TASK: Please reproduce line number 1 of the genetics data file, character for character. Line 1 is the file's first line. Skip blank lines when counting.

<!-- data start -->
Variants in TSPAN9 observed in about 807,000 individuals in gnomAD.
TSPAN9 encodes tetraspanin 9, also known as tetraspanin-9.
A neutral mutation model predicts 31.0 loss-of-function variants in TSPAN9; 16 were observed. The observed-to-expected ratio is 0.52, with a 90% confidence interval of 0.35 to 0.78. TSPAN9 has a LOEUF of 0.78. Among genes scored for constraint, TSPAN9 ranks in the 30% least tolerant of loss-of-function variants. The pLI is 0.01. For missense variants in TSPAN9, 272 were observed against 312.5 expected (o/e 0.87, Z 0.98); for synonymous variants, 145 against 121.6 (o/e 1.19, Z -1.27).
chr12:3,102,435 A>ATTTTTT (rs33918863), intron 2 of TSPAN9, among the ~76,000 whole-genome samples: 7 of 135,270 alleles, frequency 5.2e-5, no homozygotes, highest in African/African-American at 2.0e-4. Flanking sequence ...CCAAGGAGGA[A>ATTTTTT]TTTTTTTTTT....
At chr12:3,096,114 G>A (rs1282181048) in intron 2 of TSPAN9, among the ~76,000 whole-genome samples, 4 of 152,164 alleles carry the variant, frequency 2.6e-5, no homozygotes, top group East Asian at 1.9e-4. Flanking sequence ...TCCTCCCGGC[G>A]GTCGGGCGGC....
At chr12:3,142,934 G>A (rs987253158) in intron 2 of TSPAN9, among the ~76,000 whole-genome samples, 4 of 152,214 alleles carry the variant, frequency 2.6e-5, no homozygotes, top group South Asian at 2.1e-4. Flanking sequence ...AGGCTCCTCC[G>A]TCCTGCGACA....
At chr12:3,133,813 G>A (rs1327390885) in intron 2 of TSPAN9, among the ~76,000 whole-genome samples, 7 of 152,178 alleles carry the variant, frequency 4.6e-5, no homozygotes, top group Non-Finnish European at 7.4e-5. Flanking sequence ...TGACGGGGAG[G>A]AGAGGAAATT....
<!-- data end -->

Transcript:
Variants in TSPAN9 observed in about 807,000 individuals in gnomAD.